Mozart has heart: understanding Arsenal player Tomas Rosicky

Editor’s Note: This is a special piece submitted by a guest writer (Michael Schreiber) that GOA is proud to post.

This piece analyzes the role and importance of Tomas Rosicky.  The Czech international has had an injury-plagued five years at Arsenal, but he seems fit and ready to prove his worth in 2010-2011.  This piece discusses 1) his journey to the Emirates, 2) his role at Emirates, and 3) his value to the club.

Here he is in BD colors.

From Prague to Pires
Rosicky has an interesting background.  “Little Mozart,” as he was affectionately named by the faithful fans of Bundesliga outfit Borussia Dortmund, began his football career close to home as the midfield dynamo for Sparta Prague.  He was soon picked up by Dortmund in 2001 for a club record fee of €14.5m.  There he played 126 matches over five years and got on the score sheet 19 times.  This statistic is important because it demonstrates two issues with Rosicky.  First, he is not as fragile as he first appeared after his 18 month lay-off upon arriving at Arsenal.  With both Sparta and Dortmund, he played consistent first-team football.  Second, Rosicky is a provider and a scorer.  Gooners are spoiled under Wenger’s stewardship as we have seen the development of several attacking midfielders who can spot a forward pass from 30 meters out, but can also fire shots on target from the same distance.  Rosicky, fits the mold.

Rosicky’s pre-Arsenal success holds true for both club and country as Rosicky lead CR to qualification for Euro 2008, justifying his captaincy.    It’s no surprise that both his international and club performances caught Wenger’s eye and the manager captured him in 2006, giving him legendary Pires’ number 7.

Star for his country

Mozart meets the Orchestra?

Any analysis of Rosicky’s role at Arsenal necessarily involves a discussion of the other attacking midfield options available to Arsenal in the 2010-2011 year.  A large part of what impressed Wenger was his passing and movement, which fits so neatly into an Arsenal attack.  However, Rosicky was unable to hold down a regular position due to persistent injuries.  His absence in part led to the £12.5m signing of Samir Nasri in 2008 and the increased reliance on the midfield vision of Cesc Fabregas.  With these two younger promising starlets, it is no wonder why Rosicky was often ignored in the media after his arrival at Arsenal.  But, Wenger never forgot about Rosicky.  Maybe one of Wenger’s best qualities as a manager is that he is patient with injuries, e.g. Eduardo (leg-break), Ramsey (leg-break), Nasri (leg-break), Bendtner (groin),Van Persie (ankle), and Fabregas (leg-fracture).  Throughout a player’s injury, Wenger does not shop for an exact replacement, albeit he will dip into the transfer market to buy reinforcements.  Of course, Wenger’s compassion might be fueled by his desire to develop his academy and blood the illustrious young guns that anxiously wait for their shot.  However, regardless of the justification, Wenger kept the faith in Rosicky and we see a player who impresses (when he gets the chance).

Another key to understanding Rosicky’s role is to understand that he is a starter, rather than a super-sub.  He needs time during the initial and middle periods of play to develop one-touch pass movements that define Arsenal’s play out of the back philosophy.  Conversely, a super-sub shows qualities such as pace and an eye for goal that can change the tone of the match in the final 15 minutes, e.g. Walcott.  Rosicky, like many of our attacking mids, moves with the ball up the pitch, spreads the ball out wide, and acts as the fulcrum of the 10-15 pass offense.  This only works with time and patience.  Certainly, he will race up the field on a counter, play winger if he’s ordered to, or drop a deep pass, but he excels when given time to imprint his sense of space and placement in the attacking half of the pitch.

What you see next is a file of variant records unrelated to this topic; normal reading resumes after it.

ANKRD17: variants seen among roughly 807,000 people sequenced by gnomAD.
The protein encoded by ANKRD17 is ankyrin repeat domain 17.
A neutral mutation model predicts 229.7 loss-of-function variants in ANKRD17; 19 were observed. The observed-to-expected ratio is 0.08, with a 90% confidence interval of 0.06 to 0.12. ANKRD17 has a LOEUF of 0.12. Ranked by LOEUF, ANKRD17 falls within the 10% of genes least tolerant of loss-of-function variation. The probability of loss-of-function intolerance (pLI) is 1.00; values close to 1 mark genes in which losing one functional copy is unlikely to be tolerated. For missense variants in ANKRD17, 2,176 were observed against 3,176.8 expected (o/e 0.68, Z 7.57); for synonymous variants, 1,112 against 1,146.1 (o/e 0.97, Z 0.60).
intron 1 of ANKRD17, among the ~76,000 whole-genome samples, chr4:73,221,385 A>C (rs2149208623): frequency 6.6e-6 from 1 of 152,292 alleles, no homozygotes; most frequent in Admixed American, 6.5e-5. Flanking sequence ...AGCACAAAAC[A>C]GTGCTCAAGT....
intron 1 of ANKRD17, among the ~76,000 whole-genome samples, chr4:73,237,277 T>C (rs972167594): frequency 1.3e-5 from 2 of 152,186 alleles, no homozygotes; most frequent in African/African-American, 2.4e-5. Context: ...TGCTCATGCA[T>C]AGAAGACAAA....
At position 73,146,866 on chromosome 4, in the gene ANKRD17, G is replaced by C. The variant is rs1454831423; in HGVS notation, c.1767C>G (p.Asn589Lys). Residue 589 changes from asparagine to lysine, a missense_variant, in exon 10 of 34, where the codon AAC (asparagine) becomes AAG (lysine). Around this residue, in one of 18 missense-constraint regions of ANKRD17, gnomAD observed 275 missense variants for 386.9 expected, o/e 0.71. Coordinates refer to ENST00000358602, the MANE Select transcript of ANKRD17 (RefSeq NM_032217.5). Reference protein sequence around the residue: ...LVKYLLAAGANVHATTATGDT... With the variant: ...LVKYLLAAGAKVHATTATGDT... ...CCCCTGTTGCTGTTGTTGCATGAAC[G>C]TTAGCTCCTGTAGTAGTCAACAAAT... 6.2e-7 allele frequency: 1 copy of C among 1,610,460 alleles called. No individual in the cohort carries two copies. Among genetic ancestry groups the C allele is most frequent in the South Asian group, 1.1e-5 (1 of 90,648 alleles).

Watch me score!

It should be crystal clear why Rosicky, with the qualities discussed above, has yet to shine in armory red: Nasri and Fabregas.  Nasri and Fabregas are two of the best attacking midfielders in the EPL if not in all of European football.  Passing, creativity, dribbling, and shooting accuracy are just four of the qualities that define these two players.  Ramsey, Wilshere, and Diaby have also shown they can shine in this role.  Meanwhile, Rosicky has had to endure long-term injuries and the prolonged period of rebuilding pace and confidence that comes along with such absences.  Therefore, Rosicky must either provide a new dimension to make his case (hard to do at 29) or benefit from his teammates misfortune.  For better or worse, Rosicky has had the opportunity this season to prove his worth because of Fabregas and Nasri’s respective injuries.  As a result, he is getting his minutes in and showing that he too can lead a team.  Assuming that he maintains match fitness, Rosicky should get more minutes, find his eye for goal, and finally become a regular starting fixture.

Dollars and Sense

Rosicky’s future at Arsenal depends as much on others’ injuries and the inevitable transfer of Fabregas as it does on his own performance.  My prediction is that Rosicky will prove to be an integral part of the mid-field rotation this season.  Next season, it is my hope that he will develop a lasting partnership with Nasri upon Fabregas’ departure.  This result will prove that Rosicky’s acquisition will be fully justified if this partnership is accompanied by silverware.  I hope that it will be because Rosicky is a good player and a good guy.  His teammates respect him and players like Ramsey and even Nasri can learn from his calmness on the ball and leadership qualities.  This is a difficult position for any footballer, but I hope Rosicky can wait it out.

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